Media watchdogs fight anti-Israel bias

Opinion by Richard and Diann Bromberg

“Shabbat Shalom to my loving friends,” 23-year old Israeli Border Police Officer Staff-Sgt. Maj. Hadas Malka messaged along with a smiling selfie minutes before she was stabbed to death by a Palestinian terrorist outside Damascus Gate on Friday evening, June 16.

In the hours that followed, The Jerusalem Post released details: The three terrorists, already known to the Shin Bet, staged a coordinated attack against two sites of border police. Two of the terrorists, armed with a knife and an automatic weapon, preyed upon Malka and four others. The terrorists were killed by officers before they could accomplish further carnage. Both the Islamic State and Hamas proudly claimed Malka’s murder, describing the terrorists as “martyrs” and the Israeli response as “a war crime.”

Immediately following the terror event, BBC News (World) released the headline, “Three Palestinians killed after deadly stabbing in Jerusalem.” The report omitted pertinent facts. Media watchdog organizations that monitor for accurate and unbiased reporting regarding Israel reacted. Israeli Prime Minister Netanyahu ordered the Israeli Ministry of Foreign Affairs to reproach the BBC. Donald Trump Jr. tweeted: “You mean after they stabbed a female Israeli police officer to death…right? This is as close to being misleading as possible.”

The BBC apologized and changed the headline to: “Israeli policewoman stabbed to death in Jerusalem,” claiming “no intention to mislead our audiences.”

This was not the first time BBC had been confronted about biased reporting. Last year, a warning was given by Israel’s Government Press Office when a terror attack claiming the lives of two Israelis was reported with the headline: “Palestinians shot dead after Jerusalem attack kills two.” Following protests it was changed to: “Jerusalem: Palestinian kills two Israelis in Old City,” according to The Jerusalem Post.

A quick scan of the websites of Israel-focused media watchdogs shows that inaccurate and even fabricated reports about Israel are frequent and plentiful. With the help of concerned laypersons the world over, these watchdog NGOs monitor the media 24/7 for bias, holding reporters accountable, and seeking corrections. Their websites offer a telling history of examples of biased reports confronted and corrected.

Such watchdogs include: BBC Watch, CAMERA (Committee for Accuracy in Middle East Reporting in America), FLAME (Facts and Logic About the Middle East), HonestReporting, MEMRI (The Middle East Media Research Institute), Palestinian Media Watch, and UK Media Watch.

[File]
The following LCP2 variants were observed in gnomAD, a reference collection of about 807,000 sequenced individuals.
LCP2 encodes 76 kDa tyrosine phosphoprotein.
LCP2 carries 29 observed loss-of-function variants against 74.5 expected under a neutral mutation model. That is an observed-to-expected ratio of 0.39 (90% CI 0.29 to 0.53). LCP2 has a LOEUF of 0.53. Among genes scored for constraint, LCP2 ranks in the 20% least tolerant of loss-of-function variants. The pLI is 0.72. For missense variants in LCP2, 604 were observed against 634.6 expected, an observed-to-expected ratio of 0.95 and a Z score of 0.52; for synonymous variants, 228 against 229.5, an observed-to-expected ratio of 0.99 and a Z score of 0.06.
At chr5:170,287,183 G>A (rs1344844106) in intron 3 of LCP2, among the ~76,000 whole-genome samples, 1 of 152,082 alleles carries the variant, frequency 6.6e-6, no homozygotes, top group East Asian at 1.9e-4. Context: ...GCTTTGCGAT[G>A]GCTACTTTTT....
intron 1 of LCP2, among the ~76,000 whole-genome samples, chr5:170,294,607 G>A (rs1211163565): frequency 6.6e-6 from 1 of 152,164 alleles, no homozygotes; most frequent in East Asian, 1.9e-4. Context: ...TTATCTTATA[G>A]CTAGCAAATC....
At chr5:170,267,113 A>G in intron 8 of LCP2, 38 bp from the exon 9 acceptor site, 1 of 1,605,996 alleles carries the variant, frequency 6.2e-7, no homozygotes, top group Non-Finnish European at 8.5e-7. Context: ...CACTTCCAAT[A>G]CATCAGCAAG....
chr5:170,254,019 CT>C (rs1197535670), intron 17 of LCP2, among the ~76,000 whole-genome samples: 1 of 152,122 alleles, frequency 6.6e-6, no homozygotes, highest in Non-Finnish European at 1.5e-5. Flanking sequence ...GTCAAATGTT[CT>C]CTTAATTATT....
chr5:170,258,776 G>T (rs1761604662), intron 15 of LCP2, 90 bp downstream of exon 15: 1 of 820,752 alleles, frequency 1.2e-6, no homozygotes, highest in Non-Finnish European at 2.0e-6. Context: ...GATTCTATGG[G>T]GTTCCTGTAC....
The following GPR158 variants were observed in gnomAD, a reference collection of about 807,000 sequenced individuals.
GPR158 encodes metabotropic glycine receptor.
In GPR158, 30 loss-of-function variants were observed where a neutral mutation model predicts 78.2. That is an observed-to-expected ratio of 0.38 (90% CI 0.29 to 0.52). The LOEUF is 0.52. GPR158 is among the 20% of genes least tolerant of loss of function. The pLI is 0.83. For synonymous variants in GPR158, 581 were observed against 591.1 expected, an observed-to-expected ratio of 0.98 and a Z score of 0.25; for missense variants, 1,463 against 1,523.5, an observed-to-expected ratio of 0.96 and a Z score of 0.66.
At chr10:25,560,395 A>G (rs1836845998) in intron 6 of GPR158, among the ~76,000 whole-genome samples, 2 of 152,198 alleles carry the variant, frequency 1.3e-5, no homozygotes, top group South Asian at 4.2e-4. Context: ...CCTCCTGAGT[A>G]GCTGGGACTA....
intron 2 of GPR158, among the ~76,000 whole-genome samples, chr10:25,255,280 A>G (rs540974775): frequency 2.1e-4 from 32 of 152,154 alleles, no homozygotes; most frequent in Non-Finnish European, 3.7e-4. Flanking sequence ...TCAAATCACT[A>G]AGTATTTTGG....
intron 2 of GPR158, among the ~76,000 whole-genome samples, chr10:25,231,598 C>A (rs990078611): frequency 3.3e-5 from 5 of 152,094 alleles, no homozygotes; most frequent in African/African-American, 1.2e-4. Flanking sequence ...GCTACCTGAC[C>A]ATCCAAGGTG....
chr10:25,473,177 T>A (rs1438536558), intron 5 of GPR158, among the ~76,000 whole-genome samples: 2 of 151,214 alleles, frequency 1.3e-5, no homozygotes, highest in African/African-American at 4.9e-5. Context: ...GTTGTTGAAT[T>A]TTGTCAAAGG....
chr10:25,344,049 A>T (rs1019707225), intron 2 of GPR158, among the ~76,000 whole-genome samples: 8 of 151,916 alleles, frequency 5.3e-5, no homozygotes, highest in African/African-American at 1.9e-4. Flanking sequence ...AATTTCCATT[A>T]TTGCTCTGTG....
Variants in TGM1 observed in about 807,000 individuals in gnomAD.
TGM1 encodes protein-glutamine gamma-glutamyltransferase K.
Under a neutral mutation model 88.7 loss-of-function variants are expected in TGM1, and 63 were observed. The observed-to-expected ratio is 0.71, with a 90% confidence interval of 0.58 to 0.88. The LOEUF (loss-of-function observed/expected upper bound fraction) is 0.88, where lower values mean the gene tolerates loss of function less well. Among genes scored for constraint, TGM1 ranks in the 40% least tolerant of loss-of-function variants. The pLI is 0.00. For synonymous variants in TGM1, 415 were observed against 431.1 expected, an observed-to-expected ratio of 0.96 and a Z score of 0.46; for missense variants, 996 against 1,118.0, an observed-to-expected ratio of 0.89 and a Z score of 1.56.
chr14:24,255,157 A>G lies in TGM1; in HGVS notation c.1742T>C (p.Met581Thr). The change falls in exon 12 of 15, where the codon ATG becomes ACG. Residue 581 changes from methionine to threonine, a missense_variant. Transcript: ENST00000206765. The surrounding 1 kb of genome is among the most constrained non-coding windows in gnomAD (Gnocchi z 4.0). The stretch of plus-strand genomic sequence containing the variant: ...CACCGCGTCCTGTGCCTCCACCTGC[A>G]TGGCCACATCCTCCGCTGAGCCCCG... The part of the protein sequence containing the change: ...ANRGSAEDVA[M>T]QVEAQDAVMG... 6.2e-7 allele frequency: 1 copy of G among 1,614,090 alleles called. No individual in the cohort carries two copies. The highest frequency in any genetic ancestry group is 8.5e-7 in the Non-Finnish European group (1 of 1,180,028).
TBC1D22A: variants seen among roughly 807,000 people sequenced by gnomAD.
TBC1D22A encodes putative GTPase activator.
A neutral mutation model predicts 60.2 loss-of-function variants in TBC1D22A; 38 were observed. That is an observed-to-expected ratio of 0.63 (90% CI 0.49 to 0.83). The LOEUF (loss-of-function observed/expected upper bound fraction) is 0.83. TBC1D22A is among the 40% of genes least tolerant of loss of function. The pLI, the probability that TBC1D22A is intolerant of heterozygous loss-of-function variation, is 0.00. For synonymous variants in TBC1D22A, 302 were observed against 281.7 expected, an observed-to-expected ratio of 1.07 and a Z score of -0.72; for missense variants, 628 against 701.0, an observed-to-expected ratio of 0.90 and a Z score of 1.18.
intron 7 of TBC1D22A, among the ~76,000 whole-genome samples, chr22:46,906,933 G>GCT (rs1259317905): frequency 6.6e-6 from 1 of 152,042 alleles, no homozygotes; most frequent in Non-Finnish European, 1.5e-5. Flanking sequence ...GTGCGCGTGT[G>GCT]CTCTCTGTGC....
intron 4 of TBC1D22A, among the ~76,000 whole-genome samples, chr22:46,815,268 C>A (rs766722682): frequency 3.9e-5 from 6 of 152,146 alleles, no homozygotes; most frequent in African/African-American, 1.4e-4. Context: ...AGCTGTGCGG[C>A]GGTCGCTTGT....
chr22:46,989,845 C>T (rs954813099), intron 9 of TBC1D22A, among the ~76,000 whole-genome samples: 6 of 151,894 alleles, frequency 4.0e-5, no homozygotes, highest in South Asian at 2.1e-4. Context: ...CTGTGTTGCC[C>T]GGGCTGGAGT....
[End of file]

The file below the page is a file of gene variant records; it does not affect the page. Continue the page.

On an HonestReporting mission to Jerusalem in May, HonestReporting CEO Joe Hyams told our group that the nations of the world persistently rank Israel as fourth or fifth on negative opinion, just below France and just above North Korea.

“The world is not responding to the real events in Israel,” Hyams said. “It is responding to the description of these events by the news organizations. Journalists are storytellers who are often looking for a face or a headline to tell a story already written with conclusions already determined.”

“If it bleeds it leads is the old media adage,” Emmanuel Nahshon, spokesman for the Israeli Ministry of Foreign Affairs, reminded us as he described Israel’s frustration from its inception that media reports are typically negative and ignore Israel’s continuing flow of positive accomplishments.

“Stories of Israel’s conflict with Palestinians are the most popular stories and there is a lack of interest and curiosity about anything else,” Nahshon said. “There are 250 to 300 foreign correspondents living in Israel. Pressured to submit articles to justify their existence, they write about the Israeli-Palestinian conflict although it is nothing compared to the real conflicts in the region, such as the slaughter of civilians in Syria.”

Today, Twitter, Instagram, Facebook messages, and captivating smartphone images can be relayed around the world in minutes, setting world opinion before Israel has the opportunity to respond, according to D. J. Schneeweiss, director of Israel’s digital diplomacy.

“People check social media for an initial interpretation of an event and their minds are made up about a story long before it hits TV or print,” Schneeweiss said. “Everyone with a cell phone and everyone who uses a social networking forum is now a member of the media.” Through social networking, stories and images negative for Israel — without context or verification, or even fabricated — can be quickly picked up by a biased media, he added.

“We are at war. We believe accuracy is Israel’s best ally,” said Jonny Perl, head of MediaCentral, a Jerusalem-based project that serves more than 400 correspondents, editors, and bureau chiefs from more than 30 countries.